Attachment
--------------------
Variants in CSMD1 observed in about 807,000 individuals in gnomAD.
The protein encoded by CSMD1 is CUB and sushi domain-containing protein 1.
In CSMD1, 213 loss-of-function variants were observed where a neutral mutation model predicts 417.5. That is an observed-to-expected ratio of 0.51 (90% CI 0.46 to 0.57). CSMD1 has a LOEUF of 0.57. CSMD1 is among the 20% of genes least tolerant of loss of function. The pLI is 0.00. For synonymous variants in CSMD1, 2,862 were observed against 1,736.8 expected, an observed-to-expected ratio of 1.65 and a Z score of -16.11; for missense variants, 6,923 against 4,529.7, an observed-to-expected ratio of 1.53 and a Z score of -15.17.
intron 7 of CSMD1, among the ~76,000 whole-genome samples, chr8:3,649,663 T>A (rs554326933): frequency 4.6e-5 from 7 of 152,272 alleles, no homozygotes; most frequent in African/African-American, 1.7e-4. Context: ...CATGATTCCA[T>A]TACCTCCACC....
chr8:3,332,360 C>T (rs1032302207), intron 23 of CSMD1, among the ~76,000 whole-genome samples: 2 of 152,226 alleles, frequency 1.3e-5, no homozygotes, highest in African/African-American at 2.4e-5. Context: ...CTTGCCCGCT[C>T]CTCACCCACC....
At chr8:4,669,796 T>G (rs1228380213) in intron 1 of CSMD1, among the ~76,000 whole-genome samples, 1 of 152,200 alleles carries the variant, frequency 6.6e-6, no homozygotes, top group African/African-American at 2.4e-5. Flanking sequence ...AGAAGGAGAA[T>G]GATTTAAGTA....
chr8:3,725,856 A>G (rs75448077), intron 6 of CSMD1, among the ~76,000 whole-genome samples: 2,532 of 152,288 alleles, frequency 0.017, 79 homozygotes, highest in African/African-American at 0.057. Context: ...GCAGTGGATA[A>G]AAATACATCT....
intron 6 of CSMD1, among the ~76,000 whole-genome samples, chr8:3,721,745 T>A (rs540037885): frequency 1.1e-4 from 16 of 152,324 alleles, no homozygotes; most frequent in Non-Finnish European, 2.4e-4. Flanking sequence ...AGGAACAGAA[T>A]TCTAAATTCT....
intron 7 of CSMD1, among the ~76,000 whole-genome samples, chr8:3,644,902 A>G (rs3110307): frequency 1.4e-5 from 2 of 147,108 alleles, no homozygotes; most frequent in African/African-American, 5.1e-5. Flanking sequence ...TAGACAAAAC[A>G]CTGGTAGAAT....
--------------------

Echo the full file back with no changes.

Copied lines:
Variants in CSMD1 observed in about 807,000 individuals in gnomAD.
The protein encoded by CSMD1 is CUB and sushi domain-containing protein 1.
In CSMD1, 213 loss-of-function variants were observed where a neutral mutation model predicts 417.5. That is an observed-to-expected ratio of 0.51 (90% CI 0.46 to 0.57). CSMD1 has a LOEUF of 0.57. CSMD1 is among the 20% of genes least tolerant of loss of function. The pLI is 0.00. For synonymous variants in CSMD1, 2,862 were observed against 1,736.8 expected, an observed-to-expected ratio of 1.65 and a Z score of -16.11; for missense variants, 6,923 against 4,529.7, an observed-to-expected ratio of 1.53 and a Z score of -15.17.
intron 7 of CSMD1, among the ~76,000 whole-genome samples, chr8:3,649,663 T>A (rs554326933): frequency 4.6e-5 from 7 of 152,272 alleles, no homozygotes; most frequent in African/African-American, 1.7e-4. Context: ...CATGATTCCA[T>A]TACCTCCACC....
chr8:3,332,360 C>T (rs1032302207), intron 23 of CSMD1, among the ~76,000 whole-genome samples: 2 of 152,226 alleles, frequency 1.3e-5, no homozygotes, highest in African/African-American at 2.4e-5. Context: ...CTTGCCCGCT[C>T]CTCACCCACC....
At chr8:4,669,796 T>G (rs1228380213) in intron 1 of CSMD1, among the ~76,000 whole-genome samples, 1 of 152,200 alleles carries the variant, frequency 6.6e-6, no homozygotes, top group African/African-American at 2.4e-5. Flanking sequence ...AGAAGGAGAA[T>G]GATTTAAGTA....
chr8:3,725,856 A>G (rs75448077), intron 6 of CSMD1, among the ~76,000 whole-genome samples: 2,532 of 152,288 alleles, frequency 0.017, 79 homozygotes, highest in African/African-American at 0.057. Context: ...GCAGTGGATA[A>G]AAATACATCT....
intron 6 of CSMD1, among the ~76,000 whole-genome samples, chr8:3,721,745 T>A (rs540037885): frequency 1.1e-4 from 16 of 152,324 alleles, no homozygotes; most frequent in Non-Finnish European, 2.4e-4. Flanking sequence ...AGGAACAGAA[T>A]TCTAAATTCT....
intron 7 of CSMD1, among the ~76,000 whole-genome samples, chr8:3,644,902 A>G (rs3110307): frequency 1.4e-5 from 2 of 147,108 alleles, no homozygotes; most frequent in African/African-American, 5.1e-5. Flanking sequence ...TAGACAAAAC[A>G]CTGGTAGAAT....